The Fishy Tale of Two Swiss Police Officers and Their “Kidnapping” In Balochistan

[This has been a bizarre case since the beginning.  What were two Swiss police officers doing in Balochistan, and how did they go from police custody in Quetta, to being captives of the Taliban?  If there was not outright collusion between the militant leadership and the Pakistani authorities, then they was, at the very least, informants on the inside, who notified the Taliban where and when these two were being set free from police custody (SEE:  Pakistani Taliban Using Kidnapped Swiss Couple To Bargain for Aafia Siddiqui).]

The Swiss identity card of Oliver David Och (L) and the Swiss driving licence of Daniela Wildmer are set on a table at a police station in Quetta. -AFP Photo

 

Swiss hostages recovered in Pakistan: Army

By AFP

Army spokesman Major General Athar Abbas says couple safe and sound, shifted to Peshawar. PHOTO: AFP/FILE

ISLAMABAD: A Swiss couple held captive by the Pakistani Taliban for over eight months were on Thursday recovered safely, claiming they escaped their captors in the lawless tribal belt, the army said.

“They told us that they escaped and then they reported to our checkpost. That’s what they told intelligence agencies currently debriefing them in Peshawar,” spokesman Major General Athar Abbas told AFP.

Olivier David Och, 31, and Daniela Widmer, 28, were abducted on July 1, 2011.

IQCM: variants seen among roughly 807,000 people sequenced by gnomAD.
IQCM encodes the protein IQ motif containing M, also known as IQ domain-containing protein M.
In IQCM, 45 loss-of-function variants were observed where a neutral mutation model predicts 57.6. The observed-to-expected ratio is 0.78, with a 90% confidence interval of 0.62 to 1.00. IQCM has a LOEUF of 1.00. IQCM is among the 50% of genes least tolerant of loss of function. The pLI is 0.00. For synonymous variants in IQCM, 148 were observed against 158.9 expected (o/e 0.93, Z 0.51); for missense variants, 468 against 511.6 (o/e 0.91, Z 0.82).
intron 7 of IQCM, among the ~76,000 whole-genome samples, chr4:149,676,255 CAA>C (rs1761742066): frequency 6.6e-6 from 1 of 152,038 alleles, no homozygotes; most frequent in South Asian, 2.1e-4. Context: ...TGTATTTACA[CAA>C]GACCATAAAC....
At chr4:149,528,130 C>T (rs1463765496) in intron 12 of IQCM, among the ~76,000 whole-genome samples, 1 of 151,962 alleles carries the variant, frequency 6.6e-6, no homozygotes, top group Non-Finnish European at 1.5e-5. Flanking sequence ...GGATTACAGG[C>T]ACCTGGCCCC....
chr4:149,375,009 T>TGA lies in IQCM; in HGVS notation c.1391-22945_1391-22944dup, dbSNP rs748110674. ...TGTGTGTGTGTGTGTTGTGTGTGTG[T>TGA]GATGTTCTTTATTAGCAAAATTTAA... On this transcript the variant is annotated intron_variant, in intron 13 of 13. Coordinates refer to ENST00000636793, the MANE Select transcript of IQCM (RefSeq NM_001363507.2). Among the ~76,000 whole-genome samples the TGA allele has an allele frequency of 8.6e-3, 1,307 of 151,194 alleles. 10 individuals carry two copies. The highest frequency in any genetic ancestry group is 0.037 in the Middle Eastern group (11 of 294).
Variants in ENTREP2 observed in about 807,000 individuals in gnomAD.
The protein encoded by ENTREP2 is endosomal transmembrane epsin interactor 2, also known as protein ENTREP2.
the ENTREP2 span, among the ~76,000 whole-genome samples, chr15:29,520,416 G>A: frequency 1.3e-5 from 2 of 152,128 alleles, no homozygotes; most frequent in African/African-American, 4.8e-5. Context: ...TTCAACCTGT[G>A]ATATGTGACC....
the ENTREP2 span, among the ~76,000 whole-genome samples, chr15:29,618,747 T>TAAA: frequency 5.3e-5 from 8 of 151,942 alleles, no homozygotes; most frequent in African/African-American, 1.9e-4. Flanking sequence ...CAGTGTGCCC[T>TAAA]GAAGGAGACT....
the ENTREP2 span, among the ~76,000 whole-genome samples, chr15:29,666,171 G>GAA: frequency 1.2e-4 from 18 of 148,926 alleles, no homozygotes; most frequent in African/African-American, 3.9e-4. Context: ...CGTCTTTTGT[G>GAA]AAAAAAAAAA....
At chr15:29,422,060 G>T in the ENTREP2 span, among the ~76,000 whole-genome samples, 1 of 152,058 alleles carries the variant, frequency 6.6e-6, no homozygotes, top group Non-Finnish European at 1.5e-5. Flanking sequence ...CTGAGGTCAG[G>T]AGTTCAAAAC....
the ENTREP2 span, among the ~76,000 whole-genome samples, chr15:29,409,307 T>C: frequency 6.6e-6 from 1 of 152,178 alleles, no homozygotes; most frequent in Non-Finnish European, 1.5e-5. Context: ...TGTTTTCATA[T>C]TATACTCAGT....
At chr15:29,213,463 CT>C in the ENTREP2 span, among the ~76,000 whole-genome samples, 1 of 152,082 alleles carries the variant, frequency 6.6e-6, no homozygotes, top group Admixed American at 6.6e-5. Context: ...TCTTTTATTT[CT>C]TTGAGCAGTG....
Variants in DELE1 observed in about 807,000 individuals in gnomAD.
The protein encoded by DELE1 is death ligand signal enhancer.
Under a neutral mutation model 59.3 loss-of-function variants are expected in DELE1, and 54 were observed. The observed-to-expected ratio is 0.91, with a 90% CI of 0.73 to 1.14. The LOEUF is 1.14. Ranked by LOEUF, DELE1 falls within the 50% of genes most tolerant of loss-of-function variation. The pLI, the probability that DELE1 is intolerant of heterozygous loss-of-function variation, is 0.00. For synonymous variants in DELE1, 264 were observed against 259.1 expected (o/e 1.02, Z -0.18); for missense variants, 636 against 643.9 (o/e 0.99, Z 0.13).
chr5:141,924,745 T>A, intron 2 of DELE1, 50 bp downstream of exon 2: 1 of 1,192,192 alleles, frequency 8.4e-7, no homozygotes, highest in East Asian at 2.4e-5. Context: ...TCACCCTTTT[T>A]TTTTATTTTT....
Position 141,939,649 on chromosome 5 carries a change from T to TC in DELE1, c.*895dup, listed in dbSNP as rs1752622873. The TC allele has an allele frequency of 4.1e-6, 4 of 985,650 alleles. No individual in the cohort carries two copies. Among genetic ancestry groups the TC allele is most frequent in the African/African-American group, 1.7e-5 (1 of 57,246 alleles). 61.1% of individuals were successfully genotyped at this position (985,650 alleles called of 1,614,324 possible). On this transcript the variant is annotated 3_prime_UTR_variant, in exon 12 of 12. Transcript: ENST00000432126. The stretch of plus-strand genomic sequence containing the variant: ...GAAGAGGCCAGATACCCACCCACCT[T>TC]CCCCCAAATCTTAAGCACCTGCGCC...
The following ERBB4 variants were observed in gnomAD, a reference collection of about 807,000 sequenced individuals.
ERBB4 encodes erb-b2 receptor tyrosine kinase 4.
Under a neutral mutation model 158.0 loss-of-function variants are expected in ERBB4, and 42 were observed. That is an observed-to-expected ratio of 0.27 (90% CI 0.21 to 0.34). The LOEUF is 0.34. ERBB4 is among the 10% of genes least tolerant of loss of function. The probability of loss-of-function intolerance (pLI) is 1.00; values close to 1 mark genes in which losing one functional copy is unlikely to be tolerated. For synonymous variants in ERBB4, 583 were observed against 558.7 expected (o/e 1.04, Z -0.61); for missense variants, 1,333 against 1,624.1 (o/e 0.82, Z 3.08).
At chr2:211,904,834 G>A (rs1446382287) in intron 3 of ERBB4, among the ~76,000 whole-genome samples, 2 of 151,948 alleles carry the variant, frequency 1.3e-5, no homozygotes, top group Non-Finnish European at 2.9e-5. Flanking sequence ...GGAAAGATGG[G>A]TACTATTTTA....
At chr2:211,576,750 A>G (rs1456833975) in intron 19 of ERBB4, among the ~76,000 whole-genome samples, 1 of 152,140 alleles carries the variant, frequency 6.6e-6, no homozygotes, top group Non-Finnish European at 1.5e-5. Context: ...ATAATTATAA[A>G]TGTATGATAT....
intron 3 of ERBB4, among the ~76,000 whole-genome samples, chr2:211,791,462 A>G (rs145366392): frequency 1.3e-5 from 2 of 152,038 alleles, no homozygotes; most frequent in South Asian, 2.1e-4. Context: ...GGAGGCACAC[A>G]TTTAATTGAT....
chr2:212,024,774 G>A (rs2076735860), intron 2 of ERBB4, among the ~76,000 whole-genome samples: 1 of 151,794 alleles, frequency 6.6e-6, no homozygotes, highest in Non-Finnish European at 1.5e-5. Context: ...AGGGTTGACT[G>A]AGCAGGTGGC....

Their blue Volkswagen van was found abandoned in Loralai district, around 170 kilometres east of Quetta.

“They are safe and sound. We shifted them to Peshawar,” spokesman Major General Athar Abbas told AFP.

The Pakistani Taliban claimed the abduction in July, demanding that they be exchanged for Aafia Siddiqui, a Pakistani neuro-scientist sentenced in 2010 in New York for the attempted murder of US government agents in Afghanistan.

Pakistani officials speaking to AFP could not say whether the couple was released in exchange for a ransom or any acceptance of demands from the Pakistani Taliban, which is linked to al Qaeda.

The Swiss embassy refused to comment when contacted by AFP.

In October, a video emerged of the couple — apparently in relatively good health — flanked by four masked gunmen pointing rifles at their heads.

Pakistani officials said the Taliban released the couple in Spilga village in North Waziristan, the strongold of Taliban and al Qaeda.

“They were found near a check post on the main road early in the morning,” one Pakistani security official told AFP on condition of anonymity because he was not authorised to speak to the media.

Another intelligence official said the Swiss were then flown by helicopter to Peshawar.

Waliur Rehman, deputy head of the Tehreek-i-Taliban Pakistan, had claimed the kidnapping, telling AFP in July that they were in “a very safe place” and that they were “completely in good health”.

According to visas stamped in their passports, the Swiss couple arrived in Pakistan from India on June 28.

The pair entered Balochistan from Punjab and may have been heading for Quetta, possibly en route to Iran, officials in Islamabad have said.

Switzerland has advised against non-essential travel to Pakistan since 2008, citing risks including the threat of kidnapping.

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